The move by PopSci was derided by the usual suspects, who believe open comment threads are as much a certainty as God creating the world in… whatever. But editors do what they feel is best for their publications, so I am very sympathetic.

In the end, I think the best approach is to do everything possible to keep comments open, but if the editors does not have the resources necessary to do a good job of moderating comments – and the owner/publisher won’t give them these resources – then alternatives must be found. I assume this what motivated the decision made by Mr. Cooke, and if this is the case, then I would certainly support that decision.

reposted with permission from Talking New Media

image by .faramarz

D. B. Hebbard

View posts by D. B. Hebbard
Douglas Hebbard (or if you are using D.B. Hebbard use that) is a 30+ year veteran of the newspaper and magazine publishing business, and has been publisher of the digital publishing website Talking New Media since 2010.


    1. Nate Hoffelder21 December, 2015

      @ Chris

      That, and there’s an argument in favor of pushing the discussion off site: the ensuing debate on social media might draw more attention to the article. I’m not sure that’s true, but it’s not impossible.

  1. Liz21 December, 2015

    The Daily Beast shut down their comment section several months ago. The sad fact is more and more people find the anonymity of the internet gives them permission to act in a way they would not act if they were face to face with someone. It makes the comment threads on some websites (thankfully not this one) a miserable place to try to interact and have a decent conversation about a topic.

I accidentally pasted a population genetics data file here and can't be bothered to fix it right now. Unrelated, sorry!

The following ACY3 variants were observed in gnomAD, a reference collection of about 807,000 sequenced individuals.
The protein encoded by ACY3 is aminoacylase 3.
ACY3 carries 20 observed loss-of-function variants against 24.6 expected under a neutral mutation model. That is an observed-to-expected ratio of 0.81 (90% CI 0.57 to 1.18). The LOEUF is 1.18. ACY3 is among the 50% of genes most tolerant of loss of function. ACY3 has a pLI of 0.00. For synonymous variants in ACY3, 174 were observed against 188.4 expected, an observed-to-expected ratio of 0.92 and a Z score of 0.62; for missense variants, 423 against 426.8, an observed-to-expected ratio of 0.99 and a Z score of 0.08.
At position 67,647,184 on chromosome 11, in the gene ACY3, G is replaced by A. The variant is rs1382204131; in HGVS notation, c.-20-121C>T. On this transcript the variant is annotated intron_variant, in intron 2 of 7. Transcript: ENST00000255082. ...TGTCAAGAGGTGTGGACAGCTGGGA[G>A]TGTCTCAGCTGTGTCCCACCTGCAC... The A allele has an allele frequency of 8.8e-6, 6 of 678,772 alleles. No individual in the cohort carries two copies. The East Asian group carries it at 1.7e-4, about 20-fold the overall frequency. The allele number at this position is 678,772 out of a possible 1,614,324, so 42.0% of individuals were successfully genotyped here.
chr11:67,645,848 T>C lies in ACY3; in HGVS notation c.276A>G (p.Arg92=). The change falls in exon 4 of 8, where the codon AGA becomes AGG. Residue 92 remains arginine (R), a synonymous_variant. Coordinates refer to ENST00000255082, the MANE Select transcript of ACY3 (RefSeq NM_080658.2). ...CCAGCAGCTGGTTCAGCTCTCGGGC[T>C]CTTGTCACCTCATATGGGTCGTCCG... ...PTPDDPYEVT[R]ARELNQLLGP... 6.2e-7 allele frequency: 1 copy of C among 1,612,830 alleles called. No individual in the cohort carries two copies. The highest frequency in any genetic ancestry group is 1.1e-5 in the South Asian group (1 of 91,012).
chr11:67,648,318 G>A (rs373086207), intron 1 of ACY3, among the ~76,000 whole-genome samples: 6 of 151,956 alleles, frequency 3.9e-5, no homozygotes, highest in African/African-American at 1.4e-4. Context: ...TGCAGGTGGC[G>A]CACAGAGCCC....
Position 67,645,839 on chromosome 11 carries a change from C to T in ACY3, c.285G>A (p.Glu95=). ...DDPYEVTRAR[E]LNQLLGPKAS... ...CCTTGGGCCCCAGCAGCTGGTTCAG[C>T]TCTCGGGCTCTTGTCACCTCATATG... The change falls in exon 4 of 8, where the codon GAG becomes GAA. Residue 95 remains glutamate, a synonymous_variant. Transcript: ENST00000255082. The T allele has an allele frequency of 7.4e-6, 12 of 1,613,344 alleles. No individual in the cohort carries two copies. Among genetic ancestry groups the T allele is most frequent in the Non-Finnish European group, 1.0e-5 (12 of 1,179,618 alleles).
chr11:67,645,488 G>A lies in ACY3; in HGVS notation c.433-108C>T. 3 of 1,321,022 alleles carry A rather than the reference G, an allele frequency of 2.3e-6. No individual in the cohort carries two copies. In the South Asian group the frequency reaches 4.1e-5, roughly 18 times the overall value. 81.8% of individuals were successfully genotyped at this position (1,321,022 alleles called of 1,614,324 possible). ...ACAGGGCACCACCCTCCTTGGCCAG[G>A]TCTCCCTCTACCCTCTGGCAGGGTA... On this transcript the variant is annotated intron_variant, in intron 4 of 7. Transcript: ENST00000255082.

2. Mackay Bell21 December, 2015

    I followed the (very helpful) comment link to see what Scalzi says. He says, “Very few online sites, news, social or otherwise, benefit commercially or reputationally from their comment threads.”

    Simply not true. I love the comments here, and on the Passive Voice, and the comments on Gawker are consistently better than the content there. I love the comments in all the Apple tech sites. Add in the Washington Post and that’s more than “very few.” There are very few sites I visit that don’t allow comments.

    If you have enough traffic to get bad comments, you should be making enough money to moderate them. I think the sites that don’t allow comments are like fast food restaurants that try to limit napkins to save money. It’s not going to work in the long run and you’re likely to just piss customers off in the meantime.

  3. Max21 December, 2015

    It’s really only a small number of high traffic, general interest sites that have problems with article comments. Well, spam is a problem for everyone, but not nasty comments.